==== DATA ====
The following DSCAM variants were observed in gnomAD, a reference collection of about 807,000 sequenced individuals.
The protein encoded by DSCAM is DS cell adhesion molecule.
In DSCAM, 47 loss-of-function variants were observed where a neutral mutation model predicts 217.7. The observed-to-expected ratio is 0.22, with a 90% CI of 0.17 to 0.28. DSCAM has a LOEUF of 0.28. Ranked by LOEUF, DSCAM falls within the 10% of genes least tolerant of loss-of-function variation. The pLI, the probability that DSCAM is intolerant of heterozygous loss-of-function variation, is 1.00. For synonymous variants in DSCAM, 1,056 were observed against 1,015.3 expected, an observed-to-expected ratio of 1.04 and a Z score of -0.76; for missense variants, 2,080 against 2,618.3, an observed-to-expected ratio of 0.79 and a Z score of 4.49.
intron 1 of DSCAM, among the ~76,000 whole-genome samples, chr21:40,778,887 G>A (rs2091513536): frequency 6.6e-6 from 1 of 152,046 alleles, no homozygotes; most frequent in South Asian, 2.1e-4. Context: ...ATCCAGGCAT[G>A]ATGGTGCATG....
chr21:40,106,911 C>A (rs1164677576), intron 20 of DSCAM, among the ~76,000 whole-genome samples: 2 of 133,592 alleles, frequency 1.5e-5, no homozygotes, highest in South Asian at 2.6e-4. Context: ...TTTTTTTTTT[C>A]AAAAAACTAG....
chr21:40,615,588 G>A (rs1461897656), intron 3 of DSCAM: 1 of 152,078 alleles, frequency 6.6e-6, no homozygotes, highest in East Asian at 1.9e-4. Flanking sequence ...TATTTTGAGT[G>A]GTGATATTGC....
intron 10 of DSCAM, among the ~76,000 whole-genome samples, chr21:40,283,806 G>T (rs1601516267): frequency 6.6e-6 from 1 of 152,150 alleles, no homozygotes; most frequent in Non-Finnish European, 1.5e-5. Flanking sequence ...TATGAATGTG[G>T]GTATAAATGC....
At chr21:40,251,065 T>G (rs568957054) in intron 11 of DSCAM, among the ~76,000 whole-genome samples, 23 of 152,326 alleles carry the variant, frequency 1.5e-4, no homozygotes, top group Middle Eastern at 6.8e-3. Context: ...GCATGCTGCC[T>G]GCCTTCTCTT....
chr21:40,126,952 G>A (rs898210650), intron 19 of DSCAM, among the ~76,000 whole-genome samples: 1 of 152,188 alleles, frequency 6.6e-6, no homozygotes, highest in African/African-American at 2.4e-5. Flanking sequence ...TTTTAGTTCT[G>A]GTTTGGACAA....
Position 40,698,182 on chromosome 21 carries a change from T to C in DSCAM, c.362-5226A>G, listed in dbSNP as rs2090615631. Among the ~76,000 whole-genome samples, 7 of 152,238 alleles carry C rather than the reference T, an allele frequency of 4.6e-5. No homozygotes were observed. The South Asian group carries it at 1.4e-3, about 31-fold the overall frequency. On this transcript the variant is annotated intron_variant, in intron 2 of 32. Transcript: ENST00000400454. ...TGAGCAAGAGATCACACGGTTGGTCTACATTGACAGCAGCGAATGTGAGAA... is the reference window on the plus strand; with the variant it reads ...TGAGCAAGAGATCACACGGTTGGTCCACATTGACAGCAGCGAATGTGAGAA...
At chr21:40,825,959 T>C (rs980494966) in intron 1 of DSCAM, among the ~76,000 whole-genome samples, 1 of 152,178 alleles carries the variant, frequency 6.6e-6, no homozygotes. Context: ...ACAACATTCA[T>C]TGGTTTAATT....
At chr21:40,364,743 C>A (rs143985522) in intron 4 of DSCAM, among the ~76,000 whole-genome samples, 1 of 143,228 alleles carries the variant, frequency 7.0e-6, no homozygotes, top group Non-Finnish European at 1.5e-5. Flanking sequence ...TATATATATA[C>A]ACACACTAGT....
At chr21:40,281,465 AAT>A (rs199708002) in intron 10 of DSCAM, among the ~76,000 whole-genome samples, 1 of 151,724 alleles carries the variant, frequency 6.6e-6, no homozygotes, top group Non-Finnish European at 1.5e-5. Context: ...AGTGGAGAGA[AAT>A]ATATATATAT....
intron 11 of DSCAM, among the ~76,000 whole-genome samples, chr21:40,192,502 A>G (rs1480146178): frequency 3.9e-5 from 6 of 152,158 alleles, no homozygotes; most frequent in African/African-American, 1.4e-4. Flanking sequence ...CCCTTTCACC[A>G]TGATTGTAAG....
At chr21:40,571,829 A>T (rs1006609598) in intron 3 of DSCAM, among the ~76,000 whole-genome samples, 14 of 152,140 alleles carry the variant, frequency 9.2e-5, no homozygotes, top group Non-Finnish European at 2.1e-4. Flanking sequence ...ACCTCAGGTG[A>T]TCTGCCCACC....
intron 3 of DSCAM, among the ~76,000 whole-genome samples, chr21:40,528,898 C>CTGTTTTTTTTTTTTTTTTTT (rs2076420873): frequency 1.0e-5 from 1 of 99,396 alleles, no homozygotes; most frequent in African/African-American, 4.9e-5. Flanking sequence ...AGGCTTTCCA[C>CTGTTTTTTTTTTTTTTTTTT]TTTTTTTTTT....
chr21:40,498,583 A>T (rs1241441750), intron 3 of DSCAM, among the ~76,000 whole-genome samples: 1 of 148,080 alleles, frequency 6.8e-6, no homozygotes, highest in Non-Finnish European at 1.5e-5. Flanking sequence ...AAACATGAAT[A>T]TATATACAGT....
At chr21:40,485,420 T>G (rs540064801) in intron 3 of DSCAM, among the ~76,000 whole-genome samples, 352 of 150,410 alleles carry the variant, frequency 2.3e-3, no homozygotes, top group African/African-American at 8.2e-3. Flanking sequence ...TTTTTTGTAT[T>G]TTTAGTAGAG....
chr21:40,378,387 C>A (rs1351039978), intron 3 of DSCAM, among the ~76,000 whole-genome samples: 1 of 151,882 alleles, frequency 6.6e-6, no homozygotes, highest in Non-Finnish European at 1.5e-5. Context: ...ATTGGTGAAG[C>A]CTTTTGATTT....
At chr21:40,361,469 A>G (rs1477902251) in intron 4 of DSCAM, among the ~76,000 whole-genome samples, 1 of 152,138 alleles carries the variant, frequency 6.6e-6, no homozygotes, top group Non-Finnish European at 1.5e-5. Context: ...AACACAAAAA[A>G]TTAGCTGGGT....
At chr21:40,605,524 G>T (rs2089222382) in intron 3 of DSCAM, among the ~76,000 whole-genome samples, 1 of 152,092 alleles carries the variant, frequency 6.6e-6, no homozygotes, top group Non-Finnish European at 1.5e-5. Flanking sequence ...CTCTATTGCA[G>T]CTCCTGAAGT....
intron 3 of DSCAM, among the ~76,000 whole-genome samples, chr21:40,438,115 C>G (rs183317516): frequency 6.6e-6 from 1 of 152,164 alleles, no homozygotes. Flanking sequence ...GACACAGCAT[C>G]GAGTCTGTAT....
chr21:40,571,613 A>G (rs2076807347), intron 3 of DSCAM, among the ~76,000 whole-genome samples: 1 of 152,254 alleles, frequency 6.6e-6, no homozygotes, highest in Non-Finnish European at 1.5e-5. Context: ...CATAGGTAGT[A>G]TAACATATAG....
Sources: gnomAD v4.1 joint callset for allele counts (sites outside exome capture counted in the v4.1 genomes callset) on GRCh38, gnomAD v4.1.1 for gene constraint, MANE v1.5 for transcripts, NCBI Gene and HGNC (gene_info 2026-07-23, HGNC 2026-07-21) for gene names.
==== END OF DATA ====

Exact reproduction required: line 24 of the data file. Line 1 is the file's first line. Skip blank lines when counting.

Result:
Sources: gnomAD v4.1 joint callset for allele counts (sites outside exome capture counted in the v4.1 genomes callset) on GRCh38, gnomAD v4.1.1 for gene constraint, MANE v1.5 for transcripts, NCBI Gene and HGNC (gene_info 2026-07-23, HGNC 2026-07-21) for gene names.